Differing capital rules ‘confusing’

Jul 17th, 2014

Differing capital requirements being set by Nordic financial supervisory authorities will make comparing banks’ capitalisation across the region increasingly challenging, Standards & Poor’s said yesterday (Wednesday).Finansinspektionen

The rating agency said that Nordic banks’ capitalisation is already strong in a wider European comparison and that it is set to strengthen further as regulators in the region adopt generally stricter requirements under the EU Capital Requirements Regulation & Directive (CRR/CRD IV). While the accumulation of equity capital will probably moderate over the next 18-24 months, issuance of high quality hybrid capital is likely to increase, improving capital ratios by S&P measures, said the rating agency.

However, S&P analysts believe that the bank capital regulatory terrain is becoming increasingly uneven and that “the differing capital requirements proposed in each Nordic country are unlikely to provide investors with a clear and consistent picture of banks’ capital”.

“We think the different requirements and risk-weight floors … will widen existing disparities caused by banks’ application of internal risk weights to exposures,” they said. “As a result, we believe comparing Nordic banks’ capital using regulatory measures will become even more challenging, in a region where banks routinely compete across borders for large corporate clients and regional investors.”

The rating agency noted that the Swedish FSA, Finansinspektionen, has clarified that it expects to implement systemic risk buffers for the four largest domestic banks under Basel II Pillar 1 and Pillar 2 rules, which would result in an additional 5% core equity requirement for these institutions, “a deviation from their Nordic counterparts”.

In Norway, meanwhile, the FSA (Finanstilsynet) is, unlike its European peers, applying increases in capital requirements to transitional Basel risk-weight floors, noted S&P. Once these floors are removed at the end of 2017, Finanstilsynet intends to raise the level of banks’ risk weighted assets for mortgage exposures under Pillar 1, rather than apply risk-weight floors as prescribed under Pillar 2, as the Swedish FSA is doing.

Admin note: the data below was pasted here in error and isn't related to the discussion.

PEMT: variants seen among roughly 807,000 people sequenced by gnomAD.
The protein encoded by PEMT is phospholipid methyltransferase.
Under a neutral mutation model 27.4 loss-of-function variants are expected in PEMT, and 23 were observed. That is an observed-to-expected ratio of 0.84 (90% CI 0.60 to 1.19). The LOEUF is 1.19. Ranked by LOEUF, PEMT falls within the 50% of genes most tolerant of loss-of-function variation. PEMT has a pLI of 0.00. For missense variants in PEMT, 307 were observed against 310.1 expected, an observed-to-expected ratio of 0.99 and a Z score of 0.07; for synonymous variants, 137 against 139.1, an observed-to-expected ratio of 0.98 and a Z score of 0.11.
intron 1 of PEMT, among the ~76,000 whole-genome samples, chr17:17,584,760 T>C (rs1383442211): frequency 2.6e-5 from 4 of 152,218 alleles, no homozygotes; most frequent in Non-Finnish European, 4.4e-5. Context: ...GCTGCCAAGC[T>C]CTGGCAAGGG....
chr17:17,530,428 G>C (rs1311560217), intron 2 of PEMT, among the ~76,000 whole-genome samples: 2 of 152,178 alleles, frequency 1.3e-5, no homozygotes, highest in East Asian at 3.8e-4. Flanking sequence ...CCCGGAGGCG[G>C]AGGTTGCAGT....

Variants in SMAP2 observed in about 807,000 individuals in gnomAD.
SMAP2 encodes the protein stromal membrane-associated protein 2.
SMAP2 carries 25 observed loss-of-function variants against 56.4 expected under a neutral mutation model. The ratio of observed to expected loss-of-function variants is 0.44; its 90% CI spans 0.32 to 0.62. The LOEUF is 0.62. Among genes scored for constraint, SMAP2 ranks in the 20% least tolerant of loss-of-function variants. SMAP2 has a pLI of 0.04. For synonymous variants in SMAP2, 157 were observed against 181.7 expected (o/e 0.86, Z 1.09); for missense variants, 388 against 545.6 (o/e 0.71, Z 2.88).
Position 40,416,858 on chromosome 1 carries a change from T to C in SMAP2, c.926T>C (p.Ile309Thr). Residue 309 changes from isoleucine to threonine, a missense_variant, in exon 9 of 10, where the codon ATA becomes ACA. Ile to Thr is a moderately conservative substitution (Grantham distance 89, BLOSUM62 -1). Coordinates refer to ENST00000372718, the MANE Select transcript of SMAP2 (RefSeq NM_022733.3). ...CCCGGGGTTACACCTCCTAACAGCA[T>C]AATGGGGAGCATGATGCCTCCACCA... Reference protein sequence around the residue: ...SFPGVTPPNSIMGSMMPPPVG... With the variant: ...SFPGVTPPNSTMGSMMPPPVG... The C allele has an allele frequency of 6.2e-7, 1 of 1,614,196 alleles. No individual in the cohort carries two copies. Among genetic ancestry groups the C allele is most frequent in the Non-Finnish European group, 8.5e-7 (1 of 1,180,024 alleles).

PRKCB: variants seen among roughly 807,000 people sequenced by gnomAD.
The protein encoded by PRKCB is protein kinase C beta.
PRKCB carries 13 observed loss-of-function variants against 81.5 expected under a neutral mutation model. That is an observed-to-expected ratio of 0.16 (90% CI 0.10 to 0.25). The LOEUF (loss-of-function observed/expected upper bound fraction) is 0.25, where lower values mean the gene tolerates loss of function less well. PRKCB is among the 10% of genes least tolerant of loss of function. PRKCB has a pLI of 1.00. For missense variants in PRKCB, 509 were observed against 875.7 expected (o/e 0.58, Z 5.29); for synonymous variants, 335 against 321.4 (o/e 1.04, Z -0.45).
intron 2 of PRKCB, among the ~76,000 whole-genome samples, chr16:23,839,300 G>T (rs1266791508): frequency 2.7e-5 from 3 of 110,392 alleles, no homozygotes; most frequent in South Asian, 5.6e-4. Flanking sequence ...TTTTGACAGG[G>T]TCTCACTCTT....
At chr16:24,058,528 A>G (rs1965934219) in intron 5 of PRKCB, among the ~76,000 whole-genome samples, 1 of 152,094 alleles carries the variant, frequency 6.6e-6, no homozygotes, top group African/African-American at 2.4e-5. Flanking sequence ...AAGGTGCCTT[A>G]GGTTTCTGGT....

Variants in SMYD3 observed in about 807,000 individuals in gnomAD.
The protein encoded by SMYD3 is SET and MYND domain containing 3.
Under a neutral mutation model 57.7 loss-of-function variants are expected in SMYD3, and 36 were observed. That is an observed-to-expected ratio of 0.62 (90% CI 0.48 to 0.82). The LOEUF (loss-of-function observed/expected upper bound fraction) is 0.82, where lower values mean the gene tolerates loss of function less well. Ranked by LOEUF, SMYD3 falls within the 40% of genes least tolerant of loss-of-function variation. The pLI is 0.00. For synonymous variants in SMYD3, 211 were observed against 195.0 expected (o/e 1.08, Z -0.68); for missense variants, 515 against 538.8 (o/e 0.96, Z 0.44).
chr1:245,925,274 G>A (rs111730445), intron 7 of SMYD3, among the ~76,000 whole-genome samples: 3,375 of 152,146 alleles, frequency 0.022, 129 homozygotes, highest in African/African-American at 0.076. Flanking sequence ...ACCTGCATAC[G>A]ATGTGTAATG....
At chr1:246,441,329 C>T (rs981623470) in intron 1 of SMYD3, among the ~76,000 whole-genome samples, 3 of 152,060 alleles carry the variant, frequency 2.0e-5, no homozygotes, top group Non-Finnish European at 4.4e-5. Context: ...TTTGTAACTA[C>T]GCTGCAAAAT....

S&P said that CRD IV is being implemented unevenly in the Nordic region, based on core equity ratio and buffer requirements that the Nordic FSAs have recently proposed or introduced.

“Adding to the confusion, Swedish banks operating in Norway will apply higher Norwegian mortgage risk weights in their Pillar 2 requirements, while Danish banks will apply the Norwegian adjustments in Pillar 1,” said S&P.

It said that Norwegian banks’ regulatory capital ratios will be much lower than their Swedish peers’, but that this will reflect mortgage risk weights that are three to five times higher.

“We do not know whether the market, which tends to focus on capital ratios rather than capital requirements, will fully appreciate the reason for, or have the time to adjust to, this disparity,” said the rating agency.

In Iceland, the FSA expects to apply all the capital buffers available under CRR to systemically important banks, said S&P, while in Denmark and Finland the regulators have so far not indicated that they will implement Pillar 1 systemic risk buffers as in the other three Nordic countries.

“Therefore, the banks in those countries will have somewhat lower core equity requirements than in the rest of the region,” said the rating agency. “Denmark’s regulator will apply additional requirements for systemically important banks, differentiating itself by proposing requirements based on the degree of systemic importance.”

S&P considers that its bank capital measure, the risk-adjusted capital (RAC) ratio, enables a more meaningful comparison of capital levels among Nordic banks as it resolves several inconsistencies among regulatory capital ratios across the region.

RAC ratios for Nordic banks indicate that their capitalisation remains stronger than that of their European peers and is steadily improving, according to S&P.

It said that a large part of this improvement will come from a resurgence of Tier 1 hybrid capital issuance, adding that it expects large Swedish institutions to raise Additional Tier 1 capital in the second half of the year, with Danske Bank having already done so in March this year.

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